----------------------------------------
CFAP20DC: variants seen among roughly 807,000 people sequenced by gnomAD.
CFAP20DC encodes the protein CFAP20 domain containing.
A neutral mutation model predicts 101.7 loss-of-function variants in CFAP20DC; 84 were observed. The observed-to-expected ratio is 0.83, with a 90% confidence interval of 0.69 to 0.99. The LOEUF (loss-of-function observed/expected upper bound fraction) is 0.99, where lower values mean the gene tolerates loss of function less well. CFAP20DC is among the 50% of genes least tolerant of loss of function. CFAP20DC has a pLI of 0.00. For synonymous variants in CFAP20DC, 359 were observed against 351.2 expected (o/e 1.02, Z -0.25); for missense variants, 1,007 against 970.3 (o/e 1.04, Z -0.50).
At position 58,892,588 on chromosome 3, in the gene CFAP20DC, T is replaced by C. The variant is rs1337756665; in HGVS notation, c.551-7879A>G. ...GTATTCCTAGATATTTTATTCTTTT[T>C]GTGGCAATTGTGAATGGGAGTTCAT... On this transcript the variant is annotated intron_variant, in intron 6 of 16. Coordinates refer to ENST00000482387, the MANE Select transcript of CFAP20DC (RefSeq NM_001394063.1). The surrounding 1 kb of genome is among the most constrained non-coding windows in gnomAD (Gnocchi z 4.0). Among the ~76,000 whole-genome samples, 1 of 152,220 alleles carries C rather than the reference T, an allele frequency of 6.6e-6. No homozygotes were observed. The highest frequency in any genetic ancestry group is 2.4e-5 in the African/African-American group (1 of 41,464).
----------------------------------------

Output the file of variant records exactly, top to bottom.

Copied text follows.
CFAP20DC: variants seen among roughly 807,000 people sequenced by gnomAD.
CFAP20DC encodes the protein CFAP20 domain containing.
A neutral mutation model predicts 101.7 loss-of-function variants in CFAP20DC; 84 were observed. The observed-to-expected ratio is 0.83, with a 90% confidence interval of 0.69 to 0.99. The LOEUF (loss-of-function observed/expected upper bound fraction) is 0.99, where lower values mean the gene tolerates loss of function less well. CFAP20DC is among the 50% of genes least tolerant of loss of function. CFAP20DC has a pLI of 0.00. For synonymous variants in CFAP20DC, 359 were observed against 351.2 expected (o/e 1.02, Z -0.25); for missense variants, 1,007 against 970.3 (o/e 1.04, Z -0.50).
At position 58,892,588 on chromosome 3, in the gene CFAP20DC, T is replaced by C. The variant is rs1337756665; in HGVS notation, c.551-7879A>G. ...GTATTCCTAGATATTTTATTCTTTT[T>C]GTGGCAATTGTGAATGGGAGTTCAT... On this transcript the variant is annotated intron_variant, in intron 6 of 16. Coordinates refer to ENST00000482387, the MANE Select transcript of CFAP20DC (RefSeq NM_001394063.1). The surrounding 1 kb of genome is among the most constrained non-coding windows in gnomAD (Gnocchi z 4.0). Among the ~76,000 whole-genome samples, 1 of 152,220 alleles carries C rather than the reference T, an allele frequency of 6.6e-6. No homozygotes were observed. The highest frequency in any genetic ancestry group is 2.4e-5 in the African/African-American group (1 of 41,464).